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Context: Constructionism, Papert’s pedagogy and learning theory, involves experiential learning where students engage in exploration, create things that are personally meaningful, and share them with others. This approach is quite motivating, evidenced by the popularity of maker spaces, hackathons, and educational technologies that promote creative computing. With constructionism, the learner’s choice is important. This means that learning is often serendipitous. It also means that people often abandon their designs when obstacles arise. This is problematic in learning environments where coverage of key concepts is necessary, practice to develop skills is essential, and persistence with troubleshooting errors is required. Problem: How can teachers and instructional designers complement a constructionist approach with one that addresses its limitations? I introduce de-constructionism, a pedagogy and learning theory that emphasizes learning from taking things apart. It is inspired by reverse engineering, cognitive load theory, practice theory, and theories of learning from errors and negative knowledge. This approach is applicable to computer science, as described here, and other disciplines. Method: I report on a design-based research experiment, where university students interacted with Python practice problems during weekly labs. The designs of the individual problems, and series of problem sets, were based on a model for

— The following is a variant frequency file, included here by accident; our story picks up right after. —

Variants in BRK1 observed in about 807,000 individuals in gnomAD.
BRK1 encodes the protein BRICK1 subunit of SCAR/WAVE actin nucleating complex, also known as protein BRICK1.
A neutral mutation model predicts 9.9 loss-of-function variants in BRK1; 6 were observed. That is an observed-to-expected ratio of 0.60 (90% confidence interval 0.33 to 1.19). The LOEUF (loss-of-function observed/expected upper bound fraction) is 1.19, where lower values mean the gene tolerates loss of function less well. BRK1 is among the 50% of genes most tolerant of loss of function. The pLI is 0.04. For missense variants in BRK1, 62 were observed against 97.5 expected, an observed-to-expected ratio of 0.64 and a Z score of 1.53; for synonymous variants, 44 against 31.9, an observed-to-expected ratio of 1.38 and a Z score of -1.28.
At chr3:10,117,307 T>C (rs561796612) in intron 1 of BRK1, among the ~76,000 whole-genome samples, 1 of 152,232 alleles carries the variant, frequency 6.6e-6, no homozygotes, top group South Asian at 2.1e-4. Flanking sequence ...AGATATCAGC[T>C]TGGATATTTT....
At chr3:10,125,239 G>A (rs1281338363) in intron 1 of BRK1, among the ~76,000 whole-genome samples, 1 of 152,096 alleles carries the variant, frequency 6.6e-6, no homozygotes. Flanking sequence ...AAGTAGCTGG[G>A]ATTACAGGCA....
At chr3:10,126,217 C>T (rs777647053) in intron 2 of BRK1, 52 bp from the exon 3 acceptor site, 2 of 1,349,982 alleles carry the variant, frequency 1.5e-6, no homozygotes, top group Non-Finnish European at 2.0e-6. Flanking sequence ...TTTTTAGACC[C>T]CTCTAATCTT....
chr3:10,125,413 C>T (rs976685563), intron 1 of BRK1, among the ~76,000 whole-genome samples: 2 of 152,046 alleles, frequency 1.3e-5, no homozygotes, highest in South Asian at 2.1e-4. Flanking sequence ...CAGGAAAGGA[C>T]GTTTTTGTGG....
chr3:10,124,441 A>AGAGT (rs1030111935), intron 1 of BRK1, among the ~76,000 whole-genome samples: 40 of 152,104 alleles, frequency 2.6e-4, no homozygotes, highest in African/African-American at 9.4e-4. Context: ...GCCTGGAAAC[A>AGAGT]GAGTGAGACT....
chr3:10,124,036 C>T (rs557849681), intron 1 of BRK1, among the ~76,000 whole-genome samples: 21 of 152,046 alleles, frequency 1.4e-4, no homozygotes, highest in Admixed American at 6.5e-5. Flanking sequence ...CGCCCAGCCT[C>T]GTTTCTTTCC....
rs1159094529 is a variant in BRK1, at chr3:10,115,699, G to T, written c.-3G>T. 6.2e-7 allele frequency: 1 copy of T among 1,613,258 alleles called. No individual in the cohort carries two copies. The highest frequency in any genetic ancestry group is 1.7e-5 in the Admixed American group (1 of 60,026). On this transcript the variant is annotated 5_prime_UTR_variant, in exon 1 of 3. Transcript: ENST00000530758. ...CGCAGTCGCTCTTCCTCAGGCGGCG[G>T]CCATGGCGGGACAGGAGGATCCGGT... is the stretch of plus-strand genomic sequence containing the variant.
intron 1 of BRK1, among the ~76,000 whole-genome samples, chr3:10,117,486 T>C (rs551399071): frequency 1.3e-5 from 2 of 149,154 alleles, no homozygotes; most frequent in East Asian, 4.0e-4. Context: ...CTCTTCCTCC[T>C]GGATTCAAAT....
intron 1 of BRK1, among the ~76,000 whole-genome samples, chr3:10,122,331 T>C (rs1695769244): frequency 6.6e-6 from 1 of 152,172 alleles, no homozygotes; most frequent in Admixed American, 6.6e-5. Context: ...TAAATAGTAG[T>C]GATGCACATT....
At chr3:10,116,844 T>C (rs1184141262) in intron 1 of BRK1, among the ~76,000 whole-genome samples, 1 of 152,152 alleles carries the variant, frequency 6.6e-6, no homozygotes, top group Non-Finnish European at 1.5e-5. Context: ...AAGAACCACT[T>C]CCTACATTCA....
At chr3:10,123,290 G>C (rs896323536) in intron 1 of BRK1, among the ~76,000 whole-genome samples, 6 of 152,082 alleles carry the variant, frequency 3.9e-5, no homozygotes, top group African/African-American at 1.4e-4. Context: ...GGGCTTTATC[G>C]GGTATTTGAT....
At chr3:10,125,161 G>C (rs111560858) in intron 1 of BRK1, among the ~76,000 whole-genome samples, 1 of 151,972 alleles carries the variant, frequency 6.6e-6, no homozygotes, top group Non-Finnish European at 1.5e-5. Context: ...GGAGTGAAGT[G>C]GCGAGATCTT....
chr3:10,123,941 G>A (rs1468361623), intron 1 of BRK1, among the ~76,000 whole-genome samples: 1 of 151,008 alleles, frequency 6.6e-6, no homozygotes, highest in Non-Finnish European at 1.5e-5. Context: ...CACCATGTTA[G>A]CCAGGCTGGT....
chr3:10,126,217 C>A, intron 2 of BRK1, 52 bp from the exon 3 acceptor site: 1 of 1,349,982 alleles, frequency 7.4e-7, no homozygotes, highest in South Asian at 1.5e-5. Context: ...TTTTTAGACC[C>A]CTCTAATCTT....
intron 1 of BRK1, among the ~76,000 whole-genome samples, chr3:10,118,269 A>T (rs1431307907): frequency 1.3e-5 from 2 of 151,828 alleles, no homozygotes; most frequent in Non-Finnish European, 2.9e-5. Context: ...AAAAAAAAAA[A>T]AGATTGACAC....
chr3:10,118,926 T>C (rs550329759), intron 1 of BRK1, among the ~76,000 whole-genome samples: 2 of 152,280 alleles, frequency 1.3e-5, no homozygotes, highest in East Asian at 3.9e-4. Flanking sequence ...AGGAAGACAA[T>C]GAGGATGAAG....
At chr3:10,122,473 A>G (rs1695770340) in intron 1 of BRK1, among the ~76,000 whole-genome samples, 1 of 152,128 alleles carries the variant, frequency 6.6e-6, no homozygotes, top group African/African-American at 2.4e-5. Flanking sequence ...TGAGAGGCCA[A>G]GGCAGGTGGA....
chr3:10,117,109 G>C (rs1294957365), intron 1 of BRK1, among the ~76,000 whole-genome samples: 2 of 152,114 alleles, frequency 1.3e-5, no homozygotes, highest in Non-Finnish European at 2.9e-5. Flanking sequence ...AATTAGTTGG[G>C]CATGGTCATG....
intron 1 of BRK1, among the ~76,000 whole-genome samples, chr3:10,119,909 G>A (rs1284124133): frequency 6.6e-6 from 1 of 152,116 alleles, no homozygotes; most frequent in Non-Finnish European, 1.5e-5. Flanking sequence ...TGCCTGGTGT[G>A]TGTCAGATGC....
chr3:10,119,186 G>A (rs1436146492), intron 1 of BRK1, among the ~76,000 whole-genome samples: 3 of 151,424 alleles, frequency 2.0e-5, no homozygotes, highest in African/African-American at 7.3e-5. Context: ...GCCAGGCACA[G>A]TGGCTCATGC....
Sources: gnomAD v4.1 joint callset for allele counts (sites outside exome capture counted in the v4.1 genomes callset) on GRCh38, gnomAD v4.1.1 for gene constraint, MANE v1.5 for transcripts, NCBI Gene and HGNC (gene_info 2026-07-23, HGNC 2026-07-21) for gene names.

Griffin J. M. (2019) Constructionism and de-constructionism: Opposite yet complementary pedagogies. Constructivist Foundations 14(3): 234–243. https://constructivist.info/14/3/234
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